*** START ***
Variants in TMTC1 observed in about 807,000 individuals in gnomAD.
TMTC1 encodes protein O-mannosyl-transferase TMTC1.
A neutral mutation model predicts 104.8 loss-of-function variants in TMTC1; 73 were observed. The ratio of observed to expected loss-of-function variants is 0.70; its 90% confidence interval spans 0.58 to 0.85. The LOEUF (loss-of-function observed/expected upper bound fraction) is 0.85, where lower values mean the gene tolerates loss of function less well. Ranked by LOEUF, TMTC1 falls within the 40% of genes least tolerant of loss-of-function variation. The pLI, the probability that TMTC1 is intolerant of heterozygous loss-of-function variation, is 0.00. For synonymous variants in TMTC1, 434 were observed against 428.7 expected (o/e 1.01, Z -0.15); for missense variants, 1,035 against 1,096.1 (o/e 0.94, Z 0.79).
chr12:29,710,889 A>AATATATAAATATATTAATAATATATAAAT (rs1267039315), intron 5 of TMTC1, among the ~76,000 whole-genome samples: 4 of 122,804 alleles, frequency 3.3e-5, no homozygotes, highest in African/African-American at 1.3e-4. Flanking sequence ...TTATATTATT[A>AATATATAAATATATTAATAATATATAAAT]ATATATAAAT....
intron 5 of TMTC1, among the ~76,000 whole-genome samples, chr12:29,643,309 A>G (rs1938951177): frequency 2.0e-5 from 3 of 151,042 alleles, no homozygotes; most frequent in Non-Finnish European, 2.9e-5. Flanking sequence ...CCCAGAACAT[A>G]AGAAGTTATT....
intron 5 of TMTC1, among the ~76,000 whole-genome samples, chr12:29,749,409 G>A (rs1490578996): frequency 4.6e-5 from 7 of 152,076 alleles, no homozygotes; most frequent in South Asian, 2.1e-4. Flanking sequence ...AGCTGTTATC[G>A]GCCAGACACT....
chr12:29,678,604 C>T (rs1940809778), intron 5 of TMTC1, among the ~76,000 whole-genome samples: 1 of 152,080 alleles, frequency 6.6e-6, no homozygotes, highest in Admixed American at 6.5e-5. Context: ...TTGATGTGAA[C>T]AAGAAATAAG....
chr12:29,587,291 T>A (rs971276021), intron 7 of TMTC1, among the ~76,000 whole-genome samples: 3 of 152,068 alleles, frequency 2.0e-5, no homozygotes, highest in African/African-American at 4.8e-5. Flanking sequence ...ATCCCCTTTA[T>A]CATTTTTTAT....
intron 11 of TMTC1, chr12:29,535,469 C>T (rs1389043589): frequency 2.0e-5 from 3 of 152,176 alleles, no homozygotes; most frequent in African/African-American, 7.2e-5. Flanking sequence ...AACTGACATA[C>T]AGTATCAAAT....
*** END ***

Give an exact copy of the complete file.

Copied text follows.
Variants in TMTC1 observed in about 807,000 individuals in gnomAD.
TMTC1 encodes protein O-mannosyl-transferase TMTC1.
A neutral mutation model predicts 104.8 loss-of-function variants in TMTC1; 73 were observed. The ratio of observed to expected loss-of-function variants is 0.70; its 90% confidence interval spans 0.58 to 0.85. The LOEUF (loss-of-function observed/expected upper bound fraction) is 0.85, where lower values mean the gene tolerates loss of function less well. Ranked by LOEUF, TMTC1 falls within the 40% of genes least tolerant of loss-of-function variation. The pLI, the probability that TMTC1 is intolerant of heterozygous loss-of-function variation, is 0.00. For synonymous variants in TMTC1, 434 were observed against 428.7 expected (o/e 1.01, Z -0.15); for missense variants, 1,035 against 1,096.1 (o/e 0.94, Z 0.79).
chr12:29,710,889 A>AATATATAAATATATTAATAATATATAAAT (rs1267039315), intron 5 of TMTC1, among the ~76,000 whole-genome samples: 4 of 122,804 alleles, frequency 3.3e-5, no homozygotes, highest in African/African-American at 1.3e-4. Flanking sequence ...TTATATTATT[A>AATATATAAATATATTAATAATATATAAAT]ATATATAAAT....
intron 5 of TMTC1, among the ~76,000 whole-genome samples, chr12:29,643,309 A>G (rs1938951177): frequency 2.0e-5 from 3 of 151,042 alleles, no homozygotes; most frequent in Non-Finnish European, 2.9e-5. Flanking sequence ...CCCAGAACAT[A>G]AGAAGTTATT....
intron 5 of TMTC1, among the ~76,000 whole-genome samples, chr12:29,749,409 G>A (rs1490578996): frequency 4.6e-5 from 7 of 152,076 alleles, no homozygotes; most frequent in South Asian, 2.1e-4. Flanking sequence ...AGCTGTTATC[G>A]GCCAGACACT....
chr12:29,678,604 C>T (rs1940809778), intron 5 of TMTC1, among the ~76,000 whole-genome samples: 1 of 152,080 alleles, frequency 6.6e-6, no homozygotes, highest in Admixed American at 6.5e-5. Context: ...TTGATGTGAA[C>T]AAGAAATAAG....
chr12:29,587,291 T>A (rs971276021), intron 7 of TMTC1, among the ~76,000 whole-genome samples: 3 of 152,068 alleles, frequency 2.0e-5, no homozygotes, highest in African/African-American at 4.8e-5. Flanking sequence ...ATCCCCTTTA[T>A]CATTTTTTAT....
intron 11 of TMTC1, chr12:29,535,469 C>T (rs1389043589): frequency 2.0e-5 from 3 of 152,176 alleles, no homozygotes; most frequent in African/African-American, 7.2e-5. Flanking sequence ...AACTGACATA[C>T]AGTATCAAAT....